It's not easy to believe that Sabato D'Agostino was once a reluctant teacher.
In his nine years as director of the orchestra, jazz band, and pep band at Arlington (Mass.) High School, music participation has crescendoed. Nearly 100 pep-band players rock the bleachers at football games, up from just two dozen when he arrived.
Teaching was the only way this musician could find to make a living in his native Italy. Even when he came to Boston 12 years ago to study at Berklee College of Music, he was determined to be a performer. But gradually his teaching gigs held more appeal than wedding banquets. "When you play, you just give," a friend explained to him, but "when you teach, you give – but you get so much more back from the students."
During the summer, dust has no chance to settle on the sheet music: Mr. D'Agostino – also known as Mr. D or Tino – pays a visit to the high school band room once a week to plan for the coming year's classes and performances.
He also teaches teen ensembles at Berklee during his "break." At a recent rehearsal, he gently chided one group of rockers for ending their song sloppily because they weren't watching him. Chomping a piece of gum, his bass guitar slung over his shoulder, he pleaded for them to be more energetic – "Otherwise, I'm going to have to make you dance."
On the first day of school, for the first 15 minutes, D'Agostino says he'll be as nervous as he was as a schoolkid decades ago. "Even though I know most of the kids ... I believe that the first day of school they come in the room and they judge you. That's the toughest audience you have – the students." Maybe that's why he plans a week in advance what he'll wear that day.
As a child, D'Agostino attended strict schools that practiced corporal punishment, so he's determined to create a comfortable atmosphere in his classroom. "I'm supposed to be the teacher, but most of the time I act like a student because I want to enjoy what I missed when I was a kid," he says with a sheepish grin.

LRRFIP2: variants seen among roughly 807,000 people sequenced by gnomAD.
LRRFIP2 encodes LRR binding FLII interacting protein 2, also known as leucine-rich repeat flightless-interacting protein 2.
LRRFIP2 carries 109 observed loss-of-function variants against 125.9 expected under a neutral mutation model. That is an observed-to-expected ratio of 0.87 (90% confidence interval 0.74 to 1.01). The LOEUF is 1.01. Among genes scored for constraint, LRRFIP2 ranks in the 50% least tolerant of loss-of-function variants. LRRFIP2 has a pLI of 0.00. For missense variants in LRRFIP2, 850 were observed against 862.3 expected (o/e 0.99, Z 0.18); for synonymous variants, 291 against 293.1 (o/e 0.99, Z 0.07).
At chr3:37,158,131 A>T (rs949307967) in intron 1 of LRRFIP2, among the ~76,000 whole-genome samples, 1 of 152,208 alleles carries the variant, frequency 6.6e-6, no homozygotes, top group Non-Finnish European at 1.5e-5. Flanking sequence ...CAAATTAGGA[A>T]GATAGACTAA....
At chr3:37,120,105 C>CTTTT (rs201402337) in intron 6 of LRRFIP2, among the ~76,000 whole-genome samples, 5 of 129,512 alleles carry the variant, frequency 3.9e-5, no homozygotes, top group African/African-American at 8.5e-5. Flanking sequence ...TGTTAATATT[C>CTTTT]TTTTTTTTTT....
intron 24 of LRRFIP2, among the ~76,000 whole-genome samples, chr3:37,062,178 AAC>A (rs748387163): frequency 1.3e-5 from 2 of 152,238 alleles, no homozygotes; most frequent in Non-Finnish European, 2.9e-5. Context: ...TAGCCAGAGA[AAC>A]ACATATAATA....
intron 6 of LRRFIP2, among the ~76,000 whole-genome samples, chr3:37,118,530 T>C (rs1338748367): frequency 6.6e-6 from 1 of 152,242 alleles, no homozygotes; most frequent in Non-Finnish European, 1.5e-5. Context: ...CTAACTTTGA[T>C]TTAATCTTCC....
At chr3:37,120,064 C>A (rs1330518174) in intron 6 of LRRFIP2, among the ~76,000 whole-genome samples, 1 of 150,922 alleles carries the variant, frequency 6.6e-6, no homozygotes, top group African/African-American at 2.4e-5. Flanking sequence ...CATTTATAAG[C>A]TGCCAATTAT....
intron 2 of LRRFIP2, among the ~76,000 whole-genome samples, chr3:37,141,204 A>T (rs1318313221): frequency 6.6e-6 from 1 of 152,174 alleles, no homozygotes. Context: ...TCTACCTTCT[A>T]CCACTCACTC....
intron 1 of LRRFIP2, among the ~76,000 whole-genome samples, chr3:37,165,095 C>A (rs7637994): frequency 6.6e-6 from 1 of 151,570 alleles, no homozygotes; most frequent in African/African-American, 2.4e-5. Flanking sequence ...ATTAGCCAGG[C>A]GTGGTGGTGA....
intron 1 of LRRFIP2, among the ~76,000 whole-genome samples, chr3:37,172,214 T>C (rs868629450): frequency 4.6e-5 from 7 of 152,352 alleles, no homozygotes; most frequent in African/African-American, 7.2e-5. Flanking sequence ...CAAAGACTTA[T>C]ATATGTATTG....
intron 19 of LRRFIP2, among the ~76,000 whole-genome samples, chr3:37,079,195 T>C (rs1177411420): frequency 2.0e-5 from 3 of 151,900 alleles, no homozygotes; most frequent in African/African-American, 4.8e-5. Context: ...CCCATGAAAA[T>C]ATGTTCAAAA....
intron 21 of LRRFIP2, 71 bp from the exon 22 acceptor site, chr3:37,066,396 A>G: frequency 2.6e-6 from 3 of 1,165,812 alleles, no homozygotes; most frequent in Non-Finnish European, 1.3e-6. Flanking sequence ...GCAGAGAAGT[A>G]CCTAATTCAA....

That explains the balance he strikes between "intense" and "goofy."
On the one hand, he's all about respect: "If they practice, they respect what I ask them to do, they respect their peers – because if they become better musicians, we have a better orchestra." They're also expected to look sharp on stage, in part to practice for the "real world," where they'll need to dress for success at job interviews.
On the other hand, "when it's time to joke around, we joke around." Mr. D used to throw candy to the pep band in the stands at football games – until the band got super-sized. The players still choose their music, though. That makes for a pep-band repertoire that is "pretty wild," he says, but the students can't complain that they don't like the pieces.
D'Agostino's proclivity for dressing well – not to mention his shopping sprees while on vacation in Italy – is an irresistible target for students' teasing. They make a game of counting how many ties and pairs of shoes he has, he says. "That's one of those things that makes the room comfortable. I don't care if they make fun of me."
He constantly urges his students to work as a group – to listen closely to not just their own parts, but everyone else's, too. "The goal is not to have these kids play Beethoven, it's really to have them socialize, to become even better people.... I believe that when a group sounds good, it's because the people in the group get along.... I feel great walking in that room every day. I don't consider that work anymore.... For me, it's a hobby, and I get paid for it. I'm super lucky."